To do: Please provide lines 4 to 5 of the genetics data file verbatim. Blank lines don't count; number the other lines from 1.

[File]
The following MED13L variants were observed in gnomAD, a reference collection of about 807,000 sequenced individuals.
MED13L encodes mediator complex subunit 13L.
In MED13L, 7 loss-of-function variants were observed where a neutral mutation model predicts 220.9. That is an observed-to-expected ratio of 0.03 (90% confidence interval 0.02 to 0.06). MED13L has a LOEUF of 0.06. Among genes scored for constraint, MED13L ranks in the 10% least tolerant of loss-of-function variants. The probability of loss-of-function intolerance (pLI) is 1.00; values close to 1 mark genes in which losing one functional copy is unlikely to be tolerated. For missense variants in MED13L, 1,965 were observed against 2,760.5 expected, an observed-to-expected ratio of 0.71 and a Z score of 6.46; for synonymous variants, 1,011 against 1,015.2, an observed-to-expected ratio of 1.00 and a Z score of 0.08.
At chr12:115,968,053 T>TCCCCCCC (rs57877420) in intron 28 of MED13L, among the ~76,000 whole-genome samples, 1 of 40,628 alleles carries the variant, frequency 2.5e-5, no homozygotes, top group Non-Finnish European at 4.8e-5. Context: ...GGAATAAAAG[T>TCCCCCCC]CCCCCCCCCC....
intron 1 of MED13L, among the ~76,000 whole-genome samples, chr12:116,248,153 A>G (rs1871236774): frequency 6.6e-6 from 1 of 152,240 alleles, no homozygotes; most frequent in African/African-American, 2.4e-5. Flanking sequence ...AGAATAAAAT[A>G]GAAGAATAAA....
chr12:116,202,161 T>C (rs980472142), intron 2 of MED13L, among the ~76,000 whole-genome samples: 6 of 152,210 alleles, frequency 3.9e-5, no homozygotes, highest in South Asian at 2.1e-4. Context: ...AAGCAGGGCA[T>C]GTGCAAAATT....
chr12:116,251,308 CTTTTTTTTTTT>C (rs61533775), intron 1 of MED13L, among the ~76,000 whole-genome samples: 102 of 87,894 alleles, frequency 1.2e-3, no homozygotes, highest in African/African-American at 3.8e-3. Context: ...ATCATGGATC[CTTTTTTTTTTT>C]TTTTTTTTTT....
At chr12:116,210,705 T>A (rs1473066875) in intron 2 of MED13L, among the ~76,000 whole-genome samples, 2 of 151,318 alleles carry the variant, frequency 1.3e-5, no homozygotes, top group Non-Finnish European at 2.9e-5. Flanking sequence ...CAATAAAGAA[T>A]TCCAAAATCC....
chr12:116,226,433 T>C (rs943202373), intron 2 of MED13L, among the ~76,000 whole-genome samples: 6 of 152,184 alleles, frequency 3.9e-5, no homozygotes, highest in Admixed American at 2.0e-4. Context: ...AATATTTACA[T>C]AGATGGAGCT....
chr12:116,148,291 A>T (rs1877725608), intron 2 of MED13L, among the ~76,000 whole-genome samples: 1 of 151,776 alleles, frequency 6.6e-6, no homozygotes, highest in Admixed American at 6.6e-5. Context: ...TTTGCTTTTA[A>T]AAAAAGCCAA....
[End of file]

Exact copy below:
At chr12:115,968,053 T>TCCCCCCC (rs57877420) in intron 28 of MED13L, among the ~76,000 whole-genome samples, 1 of 40,628 alleles carries the variant, frequency 2.5e-5, no homozygotes, top group Non-Finnish European at 4.8e-5. Context: ...GGAATAAAAG[T>TCCCCCCC]CCCCCCCCCC....
intron 1 of MED13L, among the ~76,000 whole-genome samples, chr12:116,248,153 A>G (rs1871236774): frequency 6.6e-6 from 1 of 152,240 alleles, no homozygotes; most frequent in African/African-American, 2.4e-5. Flanking sequence ...AGAATAAAAT[A>G]GAAGAATAAA....